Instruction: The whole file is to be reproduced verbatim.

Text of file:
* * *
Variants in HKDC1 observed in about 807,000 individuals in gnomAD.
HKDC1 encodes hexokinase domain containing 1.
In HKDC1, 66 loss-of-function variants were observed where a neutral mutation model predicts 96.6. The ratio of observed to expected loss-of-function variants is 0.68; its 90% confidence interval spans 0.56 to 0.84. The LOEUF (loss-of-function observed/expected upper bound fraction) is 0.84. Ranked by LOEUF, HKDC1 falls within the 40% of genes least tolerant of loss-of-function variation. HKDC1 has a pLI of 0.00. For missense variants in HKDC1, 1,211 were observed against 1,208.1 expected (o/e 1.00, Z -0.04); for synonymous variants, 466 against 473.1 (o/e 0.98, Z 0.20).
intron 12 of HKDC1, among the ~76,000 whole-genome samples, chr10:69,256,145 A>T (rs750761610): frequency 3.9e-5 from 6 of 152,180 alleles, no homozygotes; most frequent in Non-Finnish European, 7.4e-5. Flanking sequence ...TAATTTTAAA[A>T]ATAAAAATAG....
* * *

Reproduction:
Variants in HKDC1 observed in about 807,000 individuals in gnomAD.
HKDC1 encodes hexokinase domain containing 1.
In HKDC1, 66 loss-of-function variants were observed where a neutral mutation model predicts 96.6. The ratio of observed to expected loss-of-function variants is 0.68; its 90% confidence interval spans 0.56 to 0.84. The LOEUF (loss-of-function observed/expected upper bound fraction) is 0.84. Ranked by LOEUF, HKDC1 falls within the 40% of genes least tolerant of loss-of-function variation. HKDC1 has a pLI of 0.00. For missense variants in HKDC1, 1,211 were observed against 1,208.1 expected (o/e 1.00, Z -0.04); for synonymous variants, 466 against 473.1 (o/e 0.98, Z 0.20).
intron 12 of HKDC1, among the ~76,000 whole-genome samples, chr10:69,256,145 A>T (rs750761610): frequency 3.9e-5 from 6 of 152,180 alleles, no homozygotes; most frequent in Non-Finnish European, 7.4e-5. Flanking sequence ...TAATTTTAAA[A>T]ATAAAAATAG....